Rod Tryon - I used to carry them on, but got tired of the additional pat down checks and series of questions of what the heck are these? Now I check them (for quite a few years now) and have had no problems (knock on wood.)
Lori A. Escalera - It doesn't seem to matter anymore. You take your chances either way. TSA searched my luggage last year going to Sarasota and didn't even put a tag in it that they went through it!
Maribeth Friedman McFaul - i took a single box to Italy in my luggage with the hopes of chalking a little something just to say I had done a street painting in Italy. However, I was told NOT TO DO THAT as I would have gotten a ticket from the police. In Florence you need a permit for Street Painting. There is a spot by Ponte Vechio not far from the Ufizzi GAllery where up to 3 artists create new paintings almost every day for tips from the tourists. I gave my box of 48 Koss to Johnny (from Ireland.) He was SO HAPPY because he was almost out of colors and the supplier was closed that day. Second best thing to doing my own square! : )
Rod Tryon - @Maribeth- Glad you got to see the street painting in Firenze. Tomo was in San Rafael. I was working right next to him. Too bad you didn't get to see his work live. He is fantastic.
Jennifer Nichols Chaparro - I always check them, even going overseas, but pack them well. I have had them take my hairspray out (not TSA approved), but leave spray fixative. Also, try to arrive the day before event, so if they get lost, they should be able to get them there the next day. And most of the supplies you can buy at local art stores if you have to. It's hard to explain duct tape, box cutter, plastic tarps, latex gloves, sponges and ziplock bags of white powder (tempera paint).
Rod Tryon - I agree Jennifer. I had a large group inquiry at security in Dubai. Took a long time to explain what everything was and what I was doing with it.
Willie Zin - Thank you everyone for sharing your experience and comments. This will be my 1st international travel for a Chalk Event. Domestic event, when I travel, I hand carry on. I checked in once twice and both times, they opened, took some samples and didn't pack back the way it was so it was a mess when I open the luggage. I think I had a whole box (24 sticks) missing in one occasion. I guess seems like either way is fine. I just didn't know if there was any restriction or if I need to prepare some paperwork since it is going to another country...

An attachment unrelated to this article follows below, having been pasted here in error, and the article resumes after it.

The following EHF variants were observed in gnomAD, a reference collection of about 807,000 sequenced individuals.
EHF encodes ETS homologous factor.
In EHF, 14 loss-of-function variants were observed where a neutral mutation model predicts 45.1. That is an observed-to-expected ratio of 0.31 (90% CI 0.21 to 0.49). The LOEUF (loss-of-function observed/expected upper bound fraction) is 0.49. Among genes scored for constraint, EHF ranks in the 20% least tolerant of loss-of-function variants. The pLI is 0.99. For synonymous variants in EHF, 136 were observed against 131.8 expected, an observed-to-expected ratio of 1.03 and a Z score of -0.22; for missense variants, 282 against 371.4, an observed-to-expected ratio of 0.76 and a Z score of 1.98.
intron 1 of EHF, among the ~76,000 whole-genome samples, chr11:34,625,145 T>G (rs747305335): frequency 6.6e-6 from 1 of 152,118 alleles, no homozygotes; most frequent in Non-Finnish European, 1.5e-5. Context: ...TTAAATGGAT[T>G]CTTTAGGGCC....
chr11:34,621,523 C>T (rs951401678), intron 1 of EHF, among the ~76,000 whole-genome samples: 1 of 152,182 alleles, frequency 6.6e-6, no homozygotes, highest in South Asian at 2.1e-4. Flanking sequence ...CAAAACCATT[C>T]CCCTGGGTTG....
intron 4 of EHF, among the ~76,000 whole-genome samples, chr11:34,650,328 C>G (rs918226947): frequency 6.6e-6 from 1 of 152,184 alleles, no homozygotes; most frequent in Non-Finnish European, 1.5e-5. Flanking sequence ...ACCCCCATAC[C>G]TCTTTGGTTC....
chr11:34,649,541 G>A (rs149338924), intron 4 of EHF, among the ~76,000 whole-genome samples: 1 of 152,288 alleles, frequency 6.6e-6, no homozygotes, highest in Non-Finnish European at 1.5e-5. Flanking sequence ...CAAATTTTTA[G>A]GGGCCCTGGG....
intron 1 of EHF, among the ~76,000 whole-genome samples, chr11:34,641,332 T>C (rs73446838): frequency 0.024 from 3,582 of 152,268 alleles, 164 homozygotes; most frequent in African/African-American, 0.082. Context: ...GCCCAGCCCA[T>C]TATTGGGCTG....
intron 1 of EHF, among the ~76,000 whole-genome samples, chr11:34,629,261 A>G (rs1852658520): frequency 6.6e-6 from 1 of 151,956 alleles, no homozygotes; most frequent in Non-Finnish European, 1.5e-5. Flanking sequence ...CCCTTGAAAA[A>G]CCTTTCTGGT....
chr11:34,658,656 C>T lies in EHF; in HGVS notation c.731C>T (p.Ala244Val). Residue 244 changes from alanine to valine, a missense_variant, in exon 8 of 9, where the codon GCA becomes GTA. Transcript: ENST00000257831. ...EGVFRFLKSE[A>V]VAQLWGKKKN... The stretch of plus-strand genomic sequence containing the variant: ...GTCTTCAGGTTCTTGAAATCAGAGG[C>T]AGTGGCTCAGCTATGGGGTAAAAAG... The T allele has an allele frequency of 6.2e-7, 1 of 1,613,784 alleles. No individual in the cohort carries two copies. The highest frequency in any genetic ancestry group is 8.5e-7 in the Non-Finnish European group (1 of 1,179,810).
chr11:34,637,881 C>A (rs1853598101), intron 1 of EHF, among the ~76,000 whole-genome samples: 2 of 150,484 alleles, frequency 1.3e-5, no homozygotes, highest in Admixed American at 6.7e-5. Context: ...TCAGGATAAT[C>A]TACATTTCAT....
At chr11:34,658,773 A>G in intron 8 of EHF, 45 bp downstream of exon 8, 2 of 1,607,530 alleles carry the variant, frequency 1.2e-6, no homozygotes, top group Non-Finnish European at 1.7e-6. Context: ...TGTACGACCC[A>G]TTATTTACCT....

Jennifer Nichols Chaparro - I also pack it all in a waterproof travel box that says street painting on it. You'd have to be blind to not see it, and it's sturdy enough that you can stand on it and not disrupt the contents.
Lori A. Escalera - Willie, you are traveling to a country that is well socialized with our culture/country. You will be a star. Take a little business card as a chalker (you can make one on your home color printer) or show them photos on your phone. I did that circuit last year. Its nothing like going to China or Dubai. It is like domestic with the exception of customs. There is a customs form they will give it to you on the plane. ALWAYS put that you are traveling for pleasure or visiting friends. NEVER put that you are conducting business or it is a commercial purpose. There is nothing to worry about - they lead you all the way thru.